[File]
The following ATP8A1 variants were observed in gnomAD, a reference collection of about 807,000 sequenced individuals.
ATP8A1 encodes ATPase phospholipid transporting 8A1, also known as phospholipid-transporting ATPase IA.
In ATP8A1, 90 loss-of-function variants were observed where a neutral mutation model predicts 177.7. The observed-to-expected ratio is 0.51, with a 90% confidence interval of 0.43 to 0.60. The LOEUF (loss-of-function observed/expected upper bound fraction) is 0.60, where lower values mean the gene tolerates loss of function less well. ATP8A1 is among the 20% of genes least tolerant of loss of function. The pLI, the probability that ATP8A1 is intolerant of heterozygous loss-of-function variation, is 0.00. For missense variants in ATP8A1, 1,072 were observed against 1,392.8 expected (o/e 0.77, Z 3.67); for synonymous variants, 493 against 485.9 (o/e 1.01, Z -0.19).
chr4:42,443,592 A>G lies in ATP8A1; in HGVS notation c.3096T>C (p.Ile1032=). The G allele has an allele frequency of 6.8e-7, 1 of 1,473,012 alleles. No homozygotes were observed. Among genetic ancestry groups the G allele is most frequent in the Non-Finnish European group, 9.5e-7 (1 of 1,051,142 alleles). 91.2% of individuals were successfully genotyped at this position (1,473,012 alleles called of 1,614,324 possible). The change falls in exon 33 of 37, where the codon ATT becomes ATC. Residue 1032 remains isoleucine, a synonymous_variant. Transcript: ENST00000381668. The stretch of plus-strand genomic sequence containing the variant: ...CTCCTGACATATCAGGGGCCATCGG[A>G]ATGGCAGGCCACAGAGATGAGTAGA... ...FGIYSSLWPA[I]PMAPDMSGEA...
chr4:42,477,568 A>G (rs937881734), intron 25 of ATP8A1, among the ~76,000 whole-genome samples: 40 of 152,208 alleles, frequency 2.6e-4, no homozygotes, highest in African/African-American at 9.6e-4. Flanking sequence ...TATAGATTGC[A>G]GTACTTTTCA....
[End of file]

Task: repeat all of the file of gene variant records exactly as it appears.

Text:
The following ATP8A1 variants were observed in gnomAD, a reference collection of about 807,000 sequenced individuals.
ATP8A1 encodes ATPase phospholipid transporting 8A1, also known as phospholipid-transporting ATPase IA.
In ATP8A1, 90 loss-of-function variants were observed where a neutral mutation model predicts 177.7. The observed-to-expected ratio is 0.51, with a 90% confidence interval of 0.43 to 0.60. The LOEUF (loss-of-function observed/expected upper bound fraction) is 0.60, where lower values mean the gene tolerates loss of function less well. ATP8A1 is among the 20% of genes least tolerant of loss of function. The pLI, the probability that ATP8A1 is intolerant of heterozygous loss-of-function variation, is 0.00. For missense variants in ATP8A1, 1,072 were observed against 1,392.8 expected (o/e 0.77, Z 3.67); for synonymous variants, 493 against 485.9 (o/e 1.01, Z -0.19).
chr4:42,443,592 A>G lies in ATP8A1; in HGVS notation c.3096T>C (p.Ile1032=). The G allele has an allele frequency of 6.8e-7, 1 of 1,473,012 alleles. No homozygotes were observed. Among genetic ancestry groups the G allele is most frequent in the Non-Finnish European group, 9.5e-7 (1 of 1,051,142 alleles). 91.2% of individuals were successfully genotyped at this position (1,473,012 alleles called of 1,614,324 possible). The change falls in exon 33 of 37, where the codon ATT becomes ATC. Residue 1032 remains isoleucine, a synonymous_variant. Transcript: ENST00000381668. The stretch of plus-strand genomic sequence containing the variant: ...CTCCTGACATATCAGGGGCCATCGG[A>G]ATGGCAGGCCACAGAGATGAGTAGA... ...FGIYSSLWPA[I]PMAPDMSGEA...
chr4:42,477,568 A>G (rs937881734), intron 25 of ATP8A1, among the ~76,000 whole-genome samples: 40 of 152,208 alleles, frequency 2.6e-4, no homozygotes, highest in African/African-American at 9.6e-4. Flanking sequence ...TATAGATTGC[A>G]GTACTTTTCA....